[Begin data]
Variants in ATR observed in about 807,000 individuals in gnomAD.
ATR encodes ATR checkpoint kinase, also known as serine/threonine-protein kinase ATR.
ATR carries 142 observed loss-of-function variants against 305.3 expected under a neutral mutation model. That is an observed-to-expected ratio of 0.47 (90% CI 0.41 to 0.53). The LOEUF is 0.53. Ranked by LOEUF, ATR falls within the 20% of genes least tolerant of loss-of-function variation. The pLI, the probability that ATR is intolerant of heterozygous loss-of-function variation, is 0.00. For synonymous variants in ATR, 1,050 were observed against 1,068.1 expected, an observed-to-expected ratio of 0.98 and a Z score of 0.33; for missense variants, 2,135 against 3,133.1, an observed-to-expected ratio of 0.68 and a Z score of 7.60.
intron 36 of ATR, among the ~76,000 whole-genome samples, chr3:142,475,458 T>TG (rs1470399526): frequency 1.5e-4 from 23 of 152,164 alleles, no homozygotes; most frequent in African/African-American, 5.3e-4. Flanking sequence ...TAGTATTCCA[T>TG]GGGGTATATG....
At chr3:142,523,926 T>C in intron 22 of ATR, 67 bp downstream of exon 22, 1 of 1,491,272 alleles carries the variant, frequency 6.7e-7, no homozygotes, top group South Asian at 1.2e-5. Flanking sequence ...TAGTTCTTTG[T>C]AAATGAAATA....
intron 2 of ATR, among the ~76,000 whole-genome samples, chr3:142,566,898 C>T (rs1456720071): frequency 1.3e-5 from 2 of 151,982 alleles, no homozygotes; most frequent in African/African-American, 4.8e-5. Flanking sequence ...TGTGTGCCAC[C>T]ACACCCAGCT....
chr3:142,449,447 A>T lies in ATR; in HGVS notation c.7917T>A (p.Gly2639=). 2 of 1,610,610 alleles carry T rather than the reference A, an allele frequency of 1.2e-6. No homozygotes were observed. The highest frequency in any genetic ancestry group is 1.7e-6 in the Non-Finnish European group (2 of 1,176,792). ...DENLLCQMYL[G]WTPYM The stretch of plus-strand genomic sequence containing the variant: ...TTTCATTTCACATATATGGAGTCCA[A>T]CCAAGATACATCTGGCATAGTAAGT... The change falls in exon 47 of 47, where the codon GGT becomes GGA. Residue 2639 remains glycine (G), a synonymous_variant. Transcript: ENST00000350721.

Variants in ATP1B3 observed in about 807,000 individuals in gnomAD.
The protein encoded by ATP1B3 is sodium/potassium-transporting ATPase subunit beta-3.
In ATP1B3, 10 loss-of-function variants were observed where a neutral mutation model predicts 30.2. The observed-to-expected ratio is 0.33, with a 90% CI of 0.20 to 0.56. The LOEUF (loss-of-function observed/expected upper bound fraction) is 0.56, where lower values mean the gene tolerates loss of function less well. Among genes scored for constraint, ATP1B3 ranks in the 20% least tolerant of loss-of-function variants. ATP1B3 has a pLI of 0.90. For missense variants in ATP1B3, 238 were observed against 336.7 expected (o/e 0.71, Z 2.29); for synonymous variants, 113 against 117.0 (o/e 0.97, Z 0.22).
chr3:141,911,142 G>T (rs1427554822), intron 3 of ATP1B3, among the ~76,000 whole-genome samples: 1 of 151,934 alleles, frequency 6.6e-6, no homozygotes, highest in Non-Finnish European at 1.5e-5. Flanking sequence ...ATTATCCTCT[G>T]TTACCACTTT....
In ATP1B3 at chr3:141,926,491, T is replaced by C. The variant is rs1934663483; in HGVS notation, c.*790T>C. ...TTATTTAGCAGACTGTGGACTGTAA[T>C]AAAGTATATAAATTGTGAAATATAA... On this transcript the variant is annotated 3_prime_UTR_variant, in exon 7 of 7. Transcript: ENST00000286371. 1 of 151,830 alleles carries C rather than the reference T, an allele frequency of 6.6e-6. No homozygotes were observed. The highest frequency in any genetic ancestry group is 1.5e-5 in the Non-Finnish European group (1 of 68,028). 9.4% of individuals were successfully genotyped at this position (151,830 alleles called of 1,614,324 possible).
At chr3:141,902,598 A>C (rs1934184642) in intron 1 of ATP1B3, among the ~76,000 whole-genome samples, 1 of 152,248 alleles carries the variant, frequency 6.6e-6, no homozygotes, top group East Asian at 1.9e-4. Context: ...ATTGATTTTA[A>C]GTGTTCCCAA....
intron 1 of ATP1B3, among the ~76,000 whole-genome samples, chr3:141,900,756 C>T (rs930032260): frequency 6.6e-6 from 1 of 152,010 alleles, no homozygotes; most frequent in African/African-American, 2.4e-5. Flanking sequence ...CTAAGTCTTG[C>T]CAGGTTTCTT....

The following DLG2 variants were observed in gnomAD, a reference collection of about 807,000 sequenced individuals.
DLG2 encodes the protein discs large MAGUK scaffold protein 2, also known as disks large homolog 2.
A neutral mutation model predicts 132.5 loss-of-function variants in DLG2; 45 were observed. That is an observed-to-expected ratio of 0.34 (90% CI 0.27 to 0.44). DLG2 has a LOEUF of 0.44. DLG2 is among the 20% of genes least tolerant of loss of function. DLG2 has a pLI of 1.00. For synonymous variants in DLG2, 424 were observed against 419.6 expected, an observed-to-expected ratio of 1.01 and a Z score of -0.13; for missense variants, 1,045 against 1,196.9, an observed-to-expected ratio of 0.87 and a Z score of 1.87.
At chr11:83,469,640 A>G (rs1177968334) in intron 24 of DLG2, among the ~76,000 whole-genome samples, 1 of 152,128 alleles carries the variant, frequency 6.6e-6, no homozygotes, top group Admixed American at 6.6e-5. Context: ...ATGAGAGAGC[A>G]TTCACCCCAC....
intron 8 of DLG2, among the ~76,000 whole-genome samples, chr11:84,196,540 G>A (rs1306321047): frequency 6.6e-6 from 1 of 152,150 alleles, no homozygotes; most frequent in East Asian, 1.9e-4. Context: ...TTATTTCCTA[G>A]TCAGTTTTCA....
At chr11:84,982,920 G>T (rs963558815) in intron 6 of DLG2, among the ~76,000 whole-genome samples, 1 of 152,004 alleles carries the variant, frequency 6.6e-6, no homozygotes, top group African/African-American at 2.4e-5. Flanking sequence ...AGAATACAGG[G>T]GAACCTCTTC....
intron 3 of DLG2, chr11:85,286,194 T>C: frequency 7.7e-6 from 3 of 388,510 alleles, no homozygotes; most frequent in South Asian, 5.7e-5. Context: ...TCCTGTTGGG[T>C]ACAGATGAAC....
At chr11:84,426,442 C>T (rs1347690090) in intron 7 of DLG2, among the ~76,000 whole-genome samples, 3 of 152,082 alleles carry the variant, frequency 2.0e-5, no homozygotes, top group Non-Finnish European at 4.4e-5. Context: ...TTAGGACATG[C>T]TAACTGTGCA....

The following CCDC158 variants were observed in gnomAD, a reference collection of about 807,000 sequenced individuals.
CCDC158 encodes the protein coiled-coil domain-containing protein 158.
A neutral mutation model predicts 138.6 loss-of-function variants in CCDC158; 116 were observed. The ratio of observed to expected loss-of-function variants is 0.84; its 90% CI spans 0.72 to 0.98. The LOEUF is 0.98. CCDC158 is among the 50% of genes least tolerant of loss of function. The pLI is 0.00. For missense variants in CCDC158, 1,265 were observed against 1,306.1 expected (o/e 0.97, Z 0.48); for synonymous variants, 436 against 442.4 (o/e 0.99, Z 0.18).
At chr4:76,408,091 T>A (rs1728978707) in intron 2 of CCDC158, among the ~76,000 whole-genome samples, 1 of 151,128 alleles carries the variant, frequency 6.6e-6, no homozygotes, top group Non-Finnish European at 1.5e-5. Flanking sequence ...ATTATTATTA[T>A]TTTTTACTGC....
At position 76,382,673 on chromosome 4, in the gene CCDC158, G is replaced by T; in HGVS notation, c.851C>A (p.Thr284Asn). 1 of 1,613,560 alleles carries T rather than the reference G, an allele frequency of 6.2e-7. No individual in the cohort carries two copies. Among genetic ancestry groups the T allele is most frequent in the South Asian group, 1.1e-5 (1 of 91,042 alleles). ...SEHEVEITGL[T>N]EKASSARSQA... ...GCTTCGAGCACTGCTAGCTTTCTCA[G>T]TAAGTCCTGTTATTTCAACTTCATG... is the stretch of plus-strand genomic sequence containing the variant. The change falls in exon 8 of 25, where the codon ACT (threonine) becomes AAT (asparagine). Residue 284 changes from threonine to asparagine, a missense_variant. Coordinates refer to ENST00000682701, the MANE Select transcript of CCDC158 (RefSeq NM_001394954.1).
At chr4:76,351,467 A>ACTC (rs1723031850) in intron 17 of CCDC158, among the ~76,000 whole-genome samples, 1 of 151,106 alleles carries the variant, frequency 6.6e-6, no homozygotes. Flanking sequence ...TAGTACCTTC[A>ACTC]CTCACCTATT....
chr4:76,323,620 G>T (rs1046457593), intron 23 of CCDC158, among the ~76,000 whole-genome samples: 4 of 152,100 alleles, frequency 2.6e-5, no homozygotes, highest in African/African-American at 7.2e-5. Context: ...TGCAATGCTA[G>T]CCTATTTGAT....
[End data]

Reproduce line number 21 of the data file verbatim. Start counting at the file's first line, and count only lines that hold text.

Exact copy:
intron 3 of DLG2, chr11:85,286,194 T>C: frequency 7.7e-6 from 3 of 388,510 alleles, no homozygotes; most frequent in South Asian, 5.7e-5. Context: ...TCCTGTTGGG[T>C]ACAGATGAAC....